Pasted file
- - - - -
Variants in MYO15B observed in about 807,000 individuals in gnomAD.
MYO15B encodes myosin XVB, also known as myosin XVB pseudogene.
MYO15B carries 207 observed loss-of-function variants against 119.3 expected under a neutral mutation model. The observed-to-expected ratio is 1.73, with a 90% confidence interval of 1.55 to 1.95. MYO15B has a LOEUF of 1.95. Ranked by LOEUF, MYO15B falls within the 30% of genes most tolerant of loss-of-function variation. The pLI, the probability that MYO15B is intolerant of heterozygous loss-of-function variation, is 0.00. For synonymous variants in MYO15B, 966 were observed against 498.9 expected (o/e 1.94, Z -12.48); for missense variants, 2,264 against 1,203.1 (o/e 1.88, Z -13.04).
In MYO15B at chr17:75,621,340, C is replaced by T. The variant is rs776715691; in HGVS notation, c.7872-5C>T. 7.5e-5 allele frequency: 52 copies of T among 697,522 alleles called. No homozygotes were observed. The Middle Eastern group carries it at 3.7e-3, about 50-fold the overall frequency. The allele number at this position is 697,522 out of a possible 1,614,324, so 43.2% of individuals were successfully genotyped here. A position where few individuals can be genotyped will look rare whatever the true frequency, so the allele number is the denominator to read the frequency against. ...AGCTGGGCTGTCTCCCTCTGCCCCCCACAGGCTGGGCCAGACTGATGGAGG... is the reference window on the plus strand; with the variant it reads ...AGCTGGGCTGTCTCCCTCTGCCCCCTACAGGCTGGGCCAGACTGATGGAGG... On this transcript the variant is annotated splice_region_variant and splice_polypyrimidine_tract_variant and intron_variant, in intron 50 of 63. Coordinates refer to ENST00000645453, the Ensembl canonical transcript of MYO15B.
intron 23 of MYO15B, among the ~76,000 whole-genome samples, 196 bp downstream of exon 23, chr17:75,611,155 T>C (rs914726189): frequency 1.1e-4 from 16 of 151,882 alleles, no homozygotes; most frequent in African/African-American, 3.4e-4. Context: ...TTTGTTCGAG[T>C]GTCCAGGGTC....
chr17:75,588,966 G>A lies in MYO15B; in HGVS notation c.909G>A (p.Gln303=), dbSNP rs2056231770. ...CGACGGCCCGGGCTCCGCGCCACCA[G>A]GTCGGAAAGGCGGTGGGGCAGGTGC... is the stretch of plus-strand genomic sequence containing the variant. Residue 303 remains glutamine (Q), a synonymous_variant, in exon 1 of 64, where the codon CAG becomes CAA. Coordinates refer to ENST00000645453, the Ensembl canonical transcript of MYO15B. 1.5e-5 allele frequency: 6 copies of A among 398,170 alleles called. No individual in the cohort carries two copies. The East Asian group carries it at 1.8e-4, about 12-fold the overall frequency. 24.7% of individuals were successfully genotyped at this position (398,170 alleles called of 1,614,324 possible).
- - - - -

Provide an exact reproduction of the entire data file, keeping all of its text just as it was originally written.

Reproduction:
Variants in MYO15B observed in about 807,000 individuals in gnomAD.
MYO15B encodes myosin XVB, also known as myosin XVB pseudogene.
MYO15B carries 207 observed loss-of-function variants against 119.3 expected under a neutral mutation model. The observed-to-expected ratio is 1.73, with a 90% confidence interval of 1.55 to 1.95. MYO15B has a LOEUF of 1.95. Ranked by LOEUF, MYO15B falls within the 30% of genes most tolerant of loss-of-function variation. The pLI, the probability that MYO15B is intolerant of heterozygous loss-of-function variation, is 0.00. For synonymous variants in MYO15B, 966 were observed against 498.9 expected (o/e 1.94, Z -12.48); for missense variants, 2,264 against 1,203.1 (o/e 1.88, Z -13.04).
In MYO15B at chr17:75,621,340, C is replaced by T. The variant is rs776715691; in HGVS notation, c.7872-5C>T. 7.5e-5 allele frequency: 52 copies of T among 697,522 alleles called. No homozygotes were observed. The Middle Eastern group carries it at 3.7e-3, about 50-fold the overall frequency. The allele number at this position is 697,522 out of a possible 1,614,324, so 43.2% of individuals were successfully genotyped here. A position where few individuals can be genotyped will look rare whatever the true frequency, so the allele number is the denominator to read the frequency against. ...AGCTGGGCTGTCTCCCTCTGCCCCCCACAGGCTGGGCCAGACTGATGGAGG... is the reference window on the plus strand; with the variant it reads ...AGCTGGGCTGTCTCCCTCTGCCCCCTACAGGCTGGGCCAGACTGATGGAGG... On this transcript the variant is annotated splice_region_variant and splice_polypyrimidine_tract_variant and intron_variant, in intron 50 of 63. Coordinates refer to ENST00000645453, the Ensembl canonical transcript of MYO15B.
intron 23 of MYO15B, among the ~76,000 whole-genome samples, 196 bp downstream of exon 23, chr17:75,611,155 T>C (rs914726189): frequency 1.1e-4 from 16 of 151,882 alleles, no homozygotes; most frequent in African/African-American, 3.4e-4. Context: ...TTTGTTCGAG[T>C]GTCCAGGGTC....
chr17:75,588,966 G>A lies in MYO15B; in HGVS notation c.909G>A (p.Gln303=), dbSNP rs2056231770. ...CGACGGCCCGGGCTCCGCGCCACCA[G>A]GTCGGAAAGGCGGTGGGGCAGGTGC... is the stretch of plus-strand genomic sequence containing the variant. Residue 303 remains glutamine (Q), a synonymous_variant, in exon 1 of 64, where the codon CAG becomes CAA. Coordinates refer to ENST00000645453, the Ensembl canonical transcript of MYO15B. 1.5e-5 allele frequency: 6 copies of A among 398,170 alleles called. No individual in the cohort carries two copies. The East Asian group carries it at 1.8e-4, about 12-fold the overall frequency. 24.7% of individuals were successfully genotyped at this position (398,170 alleles called of 1,614,324 possible).